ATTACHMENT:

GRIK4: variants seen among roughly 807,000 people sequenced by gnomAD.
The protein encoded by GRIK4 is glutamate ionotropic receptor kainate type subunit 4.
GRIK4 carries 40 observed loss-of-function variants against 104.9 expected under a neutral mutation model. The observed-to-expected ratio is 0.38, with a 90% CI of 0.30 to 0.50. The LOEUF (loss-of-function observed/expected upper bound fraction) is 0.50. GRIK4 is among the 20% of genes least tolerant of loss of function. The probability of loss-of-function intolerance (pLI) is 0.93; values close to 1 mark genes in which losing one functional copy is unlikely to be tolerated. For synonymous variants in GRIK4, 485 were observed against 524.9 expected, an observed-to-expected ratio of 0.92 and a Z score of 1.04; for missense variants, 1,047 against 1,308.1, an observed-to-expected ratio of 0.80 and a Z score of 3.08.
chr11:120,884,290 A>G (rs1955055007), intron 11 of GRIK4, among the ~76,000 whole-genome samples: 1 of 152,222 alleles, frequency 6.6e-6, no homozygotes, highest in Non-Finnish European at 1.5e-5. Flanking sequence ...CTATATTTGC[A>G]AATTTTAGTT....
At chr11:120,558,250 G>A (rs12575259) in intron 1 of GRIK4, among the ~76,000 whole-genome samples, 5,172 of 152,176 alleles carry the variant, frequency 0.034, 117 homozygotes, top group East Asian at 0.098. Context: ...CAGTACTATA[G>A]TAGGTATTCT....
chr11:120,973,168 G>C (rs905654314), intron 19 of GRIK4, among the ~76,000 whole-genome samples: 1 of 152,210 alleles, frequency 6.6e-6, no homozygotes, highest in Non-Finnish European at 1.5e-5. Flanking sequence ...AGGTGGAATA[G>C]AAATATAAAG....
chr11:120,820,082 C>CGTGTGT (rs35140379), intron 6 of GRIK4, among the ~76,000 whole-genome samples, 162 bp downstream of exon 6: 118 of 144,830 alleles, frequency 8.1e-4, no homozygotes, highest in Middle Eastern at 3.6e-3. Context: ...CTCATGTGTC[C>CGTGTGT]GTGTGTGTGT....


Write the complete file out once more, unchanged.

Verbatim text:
GRIK4: variants seen among roughly 807,000 people sequenced by gnomAD.
The protein encoded by GRIK4 is glutamate ionotropic receptor kainate type subunit 4.
GRIK4 carries 40 observed loss-of-function variants against 104.9 expected under a neutral mutation model. The observed-to-expected ratio is 0.38, with a 90% CI of 0.30 to 0.50. The LOEUF (loss-of-function observed/expected upper bound fraction) is 0.50. GRIK4 is among the 20% of genes least tolerant of loss of function. The probability of loss-of-function intolerance (pLI) is 0.93; values close to 1 mark genes in which losing one functional copy is unlikely to be tolerated. For synonymous variants in GRIK4, 485 were observed against 524.9 expected, an observed-to-expected ratio of 0.92 and a Z score of 1.04; for missense variants, 1,047 against 1,308.1, an observed-to-expected ratio of 0.80 and a Z score of 3.08.
chr11:120,884,290 A>G (rs1955055007), intron 11 of GRIK4, among the ~76,000 whole-genome samples: 1 of 152,222 alleles, frequency 6.6e-6, no homozygotes, highest in Non-Finnish European at 1.5e-5. Flanking sequence ...CTATATTTGC[A>G]AATTTTAGTT....
At chr11:120,558,250 G>A (rs12575259) in intron 1 of GRIK4, among the ~76,000 whole-genome samples, 5,172 of 152,176 alleles carry the variant, frequency 0.034, 117 homozygotes, top group East Asian at 0.098. Context: ...CAGTACTATA[G>A]TAGGTATTCT....
chr11:120,973,168 G>C (rs905654314), intron 19 of GRIK4, among the ~76,000 whole-genome samples: 1 of 152,210 alleles, frequency 6.6e-6, no homozygotes, highest in Non-Finnish European at 1.5e-5. Flanking sequence ...AGGTGGAATA[G>C]AAATATAAAG....
chr11:120,820,082 C>CGTGTGT (rs35140379), intron 6 of GRIK4, among the ~76,000 whole-genome samples, 162 bp downstream of exon 6: 118 of 144,830 alleles, frequency 8.1e-4, no homozygotes, highest in Middle Eastern at 3.6e-3. Context: ...CTCATGTGTC[C>CGTGTGT]GTGTGTGTGT....